Journal of Polymer Science Part B: Polymer Physics

Cover image for Vol. 52 Issue 19

Online ISSN: 1099-0488

Associated Title(s): Journal of Polymer Science Part A: Polymer Chemistry

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Publishes papers on the physics of polymers, including applications, theory and modeling and experiments. 2012 ISI Impact Factor: 2.221

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  1. Effect of PS-b-PCL block copolymer on reaction-induced phase separation in epoxy/PEI blend

    Zonglian Xia, Weizhen Li, Jindian Ding, Ao Li and Wenjun Gan

    Article first published online: 25 AUG 2014 | DOI: 10.1002/polb.23575

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    A secondary phase separation and typical phase inverted morphology was obtained in epoxy/PEI blends after adding PS-b-PCL. The preferential location of the PS-b-PCL in the epoxy-rich phase enhanced the viscoelastic effect of epoxy/PEI system and lead to a dynamic asymmetric system between PEI and epoxy. When the diffusion of the epoxy molecule is no longer able to follow the size growth of the epoxy-rich domain, secondary phase separation takes place.

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    Giant surfactants based on molecular nanoparticles: Precise synthesis and solution self-assembly

    Xinfei Yu, Yiwen Li, Xue-Hui Dong, Kan Yue, Zhiwei Lin, Xueyan Feng, Mingjun Huang, Wen-Bin Zhang and Stephen Z. D. Cheng

    Article first published online: 25 AUG 2014 | DOI: 10.1002/polb.23571

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    Giant surfactants have emerged as a new class of self-assembling materials that capture the structural features of both small-molecule surfactants and amphiphilic block copolymers. Comprised of polymer-tethered molecular nanoparticles, they display unique self-assembled nanostructures in solution. This review summarizes recent progress on the study of giant surfactants, focusing on the design and synthesis of prototype giant surfactants, as well as their rich self-assembled morphologies in solution states.

  3. Probing microphase separation and proton transport cooperativity in polymer-tethered 1H-tetrazoles

    Brian L. Chaloux, Holly L. Ricks-Laskoski, Joel B. Miller, Kaitlin M. Saunders and Michael A. Hickner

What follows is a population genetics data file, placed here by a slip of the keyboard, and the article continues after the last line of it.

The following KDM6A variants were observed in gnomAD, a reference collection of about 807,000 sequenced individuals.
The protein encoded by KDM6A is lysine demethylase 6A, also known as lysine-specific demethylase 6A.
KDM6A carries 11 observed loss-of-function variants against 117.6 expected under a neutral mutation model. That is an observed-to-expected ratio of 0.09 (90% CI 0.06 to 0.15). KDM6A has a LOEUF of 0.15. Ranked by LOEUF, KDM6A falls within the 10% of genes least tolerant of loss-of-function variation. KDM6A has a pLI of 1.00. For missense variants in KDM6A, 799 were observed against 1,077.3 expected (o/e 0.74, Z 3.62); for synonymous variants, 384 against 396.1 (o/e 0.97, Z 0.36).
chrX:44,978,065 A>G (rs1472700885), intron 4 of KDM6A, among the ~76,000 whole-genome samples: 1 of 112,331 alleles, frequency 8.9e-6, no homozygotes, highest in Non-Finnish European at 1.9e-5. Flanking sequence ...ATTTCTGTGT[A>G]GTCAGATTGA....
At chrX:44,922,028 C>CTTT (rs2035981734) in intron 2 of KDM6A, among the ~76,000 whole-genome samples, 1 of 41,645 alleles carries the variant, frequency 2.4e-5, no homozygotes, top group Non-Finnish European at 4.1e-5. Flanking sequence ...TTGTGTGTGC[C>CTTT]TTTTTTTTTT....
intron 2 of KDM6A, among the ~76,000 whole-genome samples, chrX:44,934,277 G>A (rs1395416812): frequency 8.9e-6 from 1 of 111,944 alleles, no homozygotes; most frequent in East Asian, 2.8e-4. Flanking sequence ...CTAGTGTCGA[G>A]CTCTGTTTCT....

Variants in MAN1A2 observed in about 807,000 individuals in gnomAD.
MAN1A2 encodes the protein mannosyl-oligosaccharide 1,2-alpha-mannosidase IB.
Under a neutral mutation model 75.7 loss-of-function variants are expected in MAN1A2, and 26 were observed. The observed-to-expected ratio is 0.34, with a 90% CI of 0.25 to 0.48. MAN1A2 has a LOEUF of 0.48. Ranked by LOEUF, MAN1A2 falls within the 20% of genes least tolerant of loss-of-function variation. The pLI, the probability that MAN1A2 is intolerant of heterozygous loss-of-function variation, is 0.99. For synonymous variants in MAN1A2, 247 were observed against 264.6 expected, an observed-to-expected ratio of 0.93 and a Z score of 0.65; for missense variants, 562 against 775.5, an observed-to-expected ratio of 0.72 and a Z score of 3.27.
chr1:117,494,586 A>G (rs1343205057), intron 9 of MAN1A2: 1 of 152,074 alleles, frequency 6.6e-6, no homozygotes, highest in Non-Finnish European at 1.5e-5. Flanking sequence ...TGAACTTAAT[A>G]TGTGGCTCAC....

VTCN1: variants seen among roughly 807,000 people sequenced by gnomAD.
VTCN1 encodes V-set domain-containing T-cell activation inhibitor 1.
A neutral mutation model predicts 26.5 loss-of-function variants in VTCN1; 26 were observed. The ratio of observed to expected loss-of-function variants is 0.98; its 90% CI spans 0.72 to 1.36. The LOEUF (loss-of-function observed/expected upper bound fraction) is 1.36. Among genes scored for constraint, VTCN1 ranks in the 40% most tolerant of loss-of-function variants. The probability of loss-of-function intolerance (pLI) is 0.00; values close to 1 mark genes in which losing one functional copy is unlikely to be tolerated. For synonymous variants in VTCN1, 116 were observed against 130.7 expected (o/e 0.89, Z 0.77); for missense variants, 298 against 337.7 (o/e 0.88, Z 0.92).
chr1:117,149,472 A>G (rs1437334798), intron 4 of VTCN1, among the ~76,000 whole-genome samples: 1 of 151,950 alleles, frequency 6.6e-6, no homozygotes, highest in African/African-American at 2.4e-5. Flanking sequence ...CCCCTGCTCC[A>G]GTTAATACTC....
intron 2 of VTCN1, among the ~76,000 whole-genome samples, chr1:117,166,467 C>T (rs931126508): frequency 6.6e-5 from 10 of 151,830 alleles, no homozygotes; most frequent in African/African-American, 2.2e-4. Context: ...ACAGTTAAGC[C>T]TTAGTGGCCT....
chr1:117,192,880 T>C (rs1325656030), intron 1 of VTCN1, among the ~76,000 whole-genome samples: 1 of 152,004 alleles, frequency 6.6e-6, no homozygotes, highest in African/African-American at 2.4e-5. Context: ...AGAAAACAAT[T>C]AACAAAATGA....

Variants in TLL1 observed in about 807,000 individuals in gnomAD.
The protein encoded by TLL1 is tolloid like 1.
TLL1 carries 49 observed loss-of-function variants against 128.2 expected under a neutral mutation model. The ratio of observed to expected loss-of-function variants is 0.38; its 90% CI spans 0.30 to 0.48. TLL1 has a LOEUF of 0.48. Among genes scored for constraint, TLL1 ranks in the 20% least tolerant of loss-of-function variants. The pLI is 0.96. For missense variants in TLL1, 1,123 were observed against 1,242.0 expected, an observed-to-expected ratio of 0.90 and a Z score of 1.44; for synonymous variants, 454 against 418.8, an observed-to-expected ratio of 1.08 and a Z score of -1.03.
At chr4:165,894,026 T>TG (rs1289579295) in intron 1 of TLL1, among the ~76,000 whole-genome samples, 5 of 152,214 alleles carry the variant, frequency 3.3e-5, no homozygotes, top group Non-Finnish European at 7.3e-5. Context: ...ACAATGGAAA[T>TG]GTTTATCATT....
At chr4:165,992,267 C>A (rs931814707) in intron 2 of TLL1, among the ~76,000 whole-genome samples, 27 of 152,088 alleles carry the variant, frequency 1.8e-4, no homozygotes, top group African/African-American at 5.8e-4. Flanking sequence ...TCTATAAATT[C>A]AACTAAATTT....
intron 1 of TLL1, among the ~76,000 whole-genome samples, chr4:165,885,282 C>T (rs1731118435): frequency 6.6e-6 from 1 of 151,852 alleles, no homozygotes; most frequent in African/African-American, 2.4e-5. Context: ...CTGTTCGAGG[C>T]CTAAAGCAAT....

Article first published online: 25 AUG 2014 | DOI: 10.1002/polb.23573

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    To elucidate the origins of proton conductivity and microphase separation in a styrenic 1H-tetrazole polymer (PS-Tet), its physical and conductive properties are compared with a carboxylic acid analog (PS-HA). Although exhibiting similar aqueous properties, 1H-tetrazole and carboyxlic acid give rise to fundamentally different physics and conductivity in polymers containing them. Despite similar polymer water uptake, these differences extend to both anhydrous and hydrated conditions.

  4. Thermo-responsive gels in the presence of monovalent salt at physiological concentrations: A Monte Carlo simulation study

    Manuel Quesada-Pérez, Silvia Ahualli and Alberto Martín-Molina

    Article first published online: 22 AUG 2014 | DOI: 10.1002/polb.23576

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    Coarse-grained simulations of thermo-responsive gels allow for the consideration of particle-particle interactions neglected by many Flory–Rehner inspired swelling theories, such as volume excluded forces, whose effect could be significant in collapsed states and/or in the presence of salt at physiological conditions. This information can be very useful to understand how the additional electrolyte contributes to the shrinking, but it also can be interesting for biotechnological applications.

  5. Fluorescent PMMA/MEH-PPV electrospun nanofibers: Investigation of morphology, solvent, and surfactant effect

    Aline P. Roque, Luiza A. Mercante, Vanessa P. Scagion, Juliano E. Oliveira, Luiz H. C. Mattoso, Leonardo De Boni, Cleber R. Mendonca and Daniel S. Correa

    Article first published online: 22 AUG 2014 | DOI: 10.1002/polb.23574

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    Poly[2-methoxy-5-(2-ethylhexyloxy)−1,4-phenylenevinylene] (MEH-PPV) has appealing properties for technological applications due to its intense electroluminescence in the UV–vis region. By using it as a dopant in nanofibers, even at very low concentrations, they can provide fluorescence properties, which is highly desirable for optical devices. In this work, the influence of morphology, solvents, and the addition of CTAB surfactant on the properties of PMMA/MEH-PPV electrospun nanofibers is investigated.